Urinary Incontinence Episodes Can Be Reduced through Medication and Dietary Changes

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Pfizer Inc. recently announced results of a study showing patients with overactive bladder who took Toviaz experienced a reduction in the average number of urinary incontinence episodes per 24 hours. New treatments in medicine — combined with a change in eating and drinking habits — can help those managing incontinence, says Dianna Malkowski of The CareGiver Partnership.

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Dianna Malkowski, Physician Assistant & Nutritionist

The good news is there are continual advances in treatments, products and attitudes about incontinence.

As pharmaceutical companies like Pfizer Inc. discover new ways to treat urinary incontinence, individuals managing the condition also often see success in following simple rules when it comes what they eat and drink, says Dianna Malkowski, physician assistant, nutritionist and professional adviser for The CareGiver Partnership, a national retailer of incontinence products and other home healthcare supplies.

“Although incontinence often goes hand in hand with aging or illness, the good news is there are continual advances in treatments, products and attitudes about incontinence,” Malkowski says. “And then there are some basic rules that can help individuals with incontinence reduce urinary frequency.”

1. Monitoring fluid intake. Drinking too little can result in dehydration and urine concentrated with bladder-irritating salts. Drinking too much fluid at a time causes increased amounts of urine that can overwork a bladder.

“Because fluid intake can be perceived inaccurately, it may be helpful to measure and record daily fluid intake, along with incontinence episodes,” she says. “It may help you notice patterns, and help your health care provider monitor your condition.”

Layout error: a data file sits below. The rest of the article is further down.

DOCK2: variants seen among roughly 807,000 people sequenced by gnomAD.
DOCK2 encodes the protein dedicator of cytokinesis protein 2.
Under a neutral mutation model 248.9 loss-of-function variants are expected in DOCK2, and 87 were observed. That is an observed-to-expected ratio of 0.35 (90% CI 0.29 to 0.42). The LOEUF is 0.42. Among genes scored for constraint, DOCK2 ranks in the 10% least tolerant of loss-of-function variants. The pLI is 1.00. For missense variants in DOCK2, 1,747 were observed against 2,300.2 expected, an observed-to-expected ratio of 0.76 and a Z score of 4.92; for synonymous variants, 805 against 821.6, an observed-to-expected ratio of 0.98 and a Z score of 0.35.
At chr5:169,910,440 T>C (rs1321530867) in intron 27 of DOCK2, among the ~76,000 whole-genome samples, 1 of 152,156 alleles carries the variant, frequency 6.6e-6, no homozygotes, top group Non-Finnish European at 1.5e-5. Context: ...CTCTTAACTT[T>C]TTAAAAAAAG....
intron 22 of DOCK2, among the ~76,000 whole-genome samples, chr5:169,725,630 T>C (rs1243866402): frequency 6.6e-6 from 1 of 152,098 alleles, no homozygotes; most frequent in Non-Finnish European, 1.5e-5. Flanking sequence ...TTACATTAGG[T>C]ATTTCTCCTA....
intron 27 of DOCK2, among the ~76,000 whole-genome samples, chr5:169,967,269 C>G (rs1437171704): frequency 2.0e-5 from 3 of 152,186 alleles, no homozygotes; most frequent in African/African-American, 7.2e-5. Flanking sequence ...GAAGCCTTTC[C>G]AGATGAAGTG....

2. Increasing dietary fiber. Compacted stool can cause bladder nerves to become overactive, increasing urinary frequency. Men over 50 should aim for about 30 grams of fiber per day; women over 50, about 21 grams.

“If you or a loved one has special dietary needs, nutritionals can help meet daily requirements, in forms that are easy to swallow and digest,” Malkowski says.

3. Avoiding bladder irritants. Alcohol and caffeine are bladder stimulants and diuretics, which can cause a sudden need to urinate. Even teas and carbonated beverages may contribute to bladder problems. Other known irritants to watch for are sugar and artificial sweeteners, corn syrup, spicy foods, and acidic foods such as tomatoes and citrus.

“An infection, such as that of the urinary tract, can also irritate the bladder and cause strong urges to urinate. See your doctor if you suspect an infection.”

Visit The CareGiver Partnership’s Incontinence page for more information on types of incontinence, products and skin care tips. Or visit The CareGiver Partnership blog for an extensive online library of articles on incontinence and other topics.

Dianna Malkowski is a Board Certified Physician Assistant and Mayo Clinic trained nutritionist specializing in diabetes, cancer, wound healing, therapeutic diets and nutrition support. She serves on the board of professional advisers for The CareGiver Partnership and enjoys working with patients and caregivers alike.

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Tom Wilson